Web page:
My notes are informal and often contain quotes, key nuggets, and personalized thoughts from the book. When I come across an interesting idea or concept while reading, I save it in my notes for future reference and reflection. If you find a book’s notes appealing, I highly recommend reading the whole book to get much more context and insight. My notes are not meant to substitute the book.
Fixed mindset: I can’t do it.
Growth mindset: I can’t do it… yet.
Parents should teach their children to embrace challenges, make mistakes, and enjoy learning.
A sociologist named Benjamin Barber said “I don’t divide the world into the weak and the strong, or the successes and the failures…. I divide the world into the learners and non-learners.”
More and more research is showing that much of personality is bendable, dynamic, and evolves over the lifespan and is molded by the experience.
“Why waste time proving over and over how great you are, when you could be getting better? Why hide deficiencies instead of overcoming them? Why look for friends or partners who will just shore up your self-esteem instead of ones who will also challenge you to grow? And why seek out the tried and true, instead of experiences that will stretch you? The passion for stretching yourself and sticking to it, even (or especially) when it’s not going well, is the hallmark of the growth mindset. This is the mindset that
Teaching is an incredible way to learn.
Seeking challenges & trials is a part of the growth mindset.
When you have a fixed mindset, you’re concerned about how you’ll be judged.
An individual with a fixed mindset believes common characteristics such as personality, talent, creativity, and intellect, are qualities that are carved in stone, they can’t be developed.
Fixed mindset: Who you are is who you are.
Fixed mindset: Only smart or talented people prosper.
Growth mindset: I can become smarter. I can stretch myself to learn something new.
When you have a growth mindset, the only thing you’re worried about is improving.
“Becoming is better than being”
With the fixed mindset, everything is about the outcome; If you fail, it’s means you wasted your time.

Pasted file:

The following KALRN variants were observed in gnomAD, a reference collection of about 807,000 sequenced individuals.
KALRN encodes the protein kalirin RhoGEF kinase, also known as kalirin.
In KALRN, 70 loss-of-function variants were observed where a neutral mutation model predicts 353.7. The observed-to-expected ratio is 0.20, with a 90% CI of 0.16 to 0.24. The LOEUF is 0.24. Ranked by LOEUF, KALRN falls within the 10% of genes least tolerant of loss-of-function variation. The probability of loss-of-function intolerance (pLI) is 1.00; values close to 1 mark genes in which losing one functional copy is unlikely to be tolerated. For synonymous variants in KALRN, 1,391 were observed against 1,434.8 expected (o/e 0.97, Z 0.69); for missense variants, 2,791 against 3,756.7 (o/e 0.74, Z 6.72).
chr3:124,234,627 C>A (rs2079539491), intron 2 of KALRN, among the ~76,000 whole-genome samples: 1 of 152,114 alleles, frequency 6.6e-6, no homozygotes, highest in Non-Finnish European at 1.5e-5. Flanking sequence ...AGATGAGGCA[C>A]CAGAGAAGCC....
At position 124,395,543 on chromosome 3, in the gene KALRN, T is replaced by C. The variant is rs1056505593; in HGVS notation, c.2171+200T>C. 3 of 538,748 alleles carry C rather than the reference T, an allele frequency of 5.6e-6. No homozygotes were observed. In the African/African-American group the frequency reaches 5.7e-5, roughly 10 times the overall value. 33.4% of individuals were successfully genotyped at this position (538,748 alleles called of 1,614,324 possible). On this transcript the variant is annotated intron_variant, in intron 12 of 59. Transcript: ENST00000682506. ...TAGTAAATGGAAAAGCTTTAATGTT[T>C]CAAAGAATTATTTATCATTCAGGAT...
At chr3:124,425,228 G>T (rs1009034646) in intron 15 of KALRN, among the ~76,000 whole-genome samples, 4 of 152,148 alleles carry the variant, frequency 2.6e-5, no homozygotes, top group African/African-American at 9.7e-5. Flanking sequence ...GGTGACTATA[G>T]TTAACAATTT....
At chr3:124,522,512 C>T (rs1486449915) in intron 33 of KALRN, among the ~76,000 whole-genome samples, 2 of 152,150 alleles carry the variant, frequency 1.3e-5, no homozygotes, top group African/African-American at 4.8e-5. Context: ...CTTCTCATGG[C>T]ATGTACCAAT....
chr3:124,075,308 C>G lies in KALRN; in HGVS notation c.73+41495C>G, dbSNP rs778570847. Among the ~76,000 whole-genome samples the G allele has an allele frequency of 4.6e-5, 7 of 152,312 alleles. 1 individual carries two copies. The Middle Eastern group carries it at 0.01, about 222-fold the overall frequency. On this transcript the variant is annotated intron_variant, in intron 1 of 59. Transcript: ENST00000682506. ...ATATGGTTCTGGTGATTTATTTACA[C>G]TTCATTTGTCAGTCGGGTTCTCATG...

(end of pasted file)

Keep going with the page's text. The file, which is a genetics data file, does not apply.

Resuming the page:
“Picture your brain forming new connections as you meet the challenge and learn. Keep on going.” –
At the University of Hong Kong, where courses are taught in English, some students were asked if they would be interested in taking a free course to improve their English skills if the school provided one. Those with a fixed mindset weren’t interested, but those with a growth mindset were totally interested.
If you or your company cannot self-correct, you cannot succeed.
Does your mindset have any effect on significant life decisions? Ex. marriage, health, career, education
People with the growth mindset know that they need to play the long game; it takes time for potential to blossom.
In one of Carol’s studies, they offered four-year-old kids a choice: They could reassemble an easy jigsaw puzzle they’ve already assembled once or they could try a harder one. Kids with the fixed mindset chose the safe route and wanted to redo the puzzle.
The kids with the growth mindset welcomed the harder puzzle; they found the safer puzzle to be boring. The fixed-mindset kids believed those who are born smart “don’t make mistakes.”
How you view yourself is how you lead your life.
The growth mindset allows people to relish what they’re doing —regardless of difficulties and setbacks.
“The whole point of marriage is to encourage your partner’s development and have them encourage yours.”
“Choosing a partner is choosing a set of problems. There are no problem-free candidates.”
Praise kids for their effort. Don’t praise them for their intelligence. It damages their motivation and makes them question themselves. They begin to fear difficulty because they begin associating failure with stupidity.
“In a growth mindset, challenges are exciting rather than threatening. So rather than thinking, oh, I’m going to reveal my weaknesses, you say, wow, here’s a chance to grow.” – Carol S. Dweck
Don’t seek out the tried and true, instead seek out the uncomfortable and the unfamiliar.
Test scores don’t tell you where a student will end up… They only indicate what a student’s current aptitudes and skills are
Test Scores don’t tell the whole story, they can’t test for resilience, experience, character, effort, and emotional intelligence
“For twenty years, my research has shown that the view you adopt for yourself profoundly affects the way you lead your life. It can determine whether you become the person you want to be and whether you accomplish the things you value.” – Carol S. Dweck
Putting in the effort at the end of the day is what matters. It means you care about improving. As long as you’re willing to work for it, you have a growth mindset.
Everyone can mature and develop their talents, interests, & aptitudes by learning and applying that knowledge.
You control your mind. You can manifest your destiny by using your brain in the right way.
“Did I win? Did I lose? Those are the wrong questions. The correct question is: Did I make my best effort?” If so, he says, “You may be outscored but you will never lose.” – Carol S. Dweck
With the growth mindset, you value process and effort, regardless of the outcome.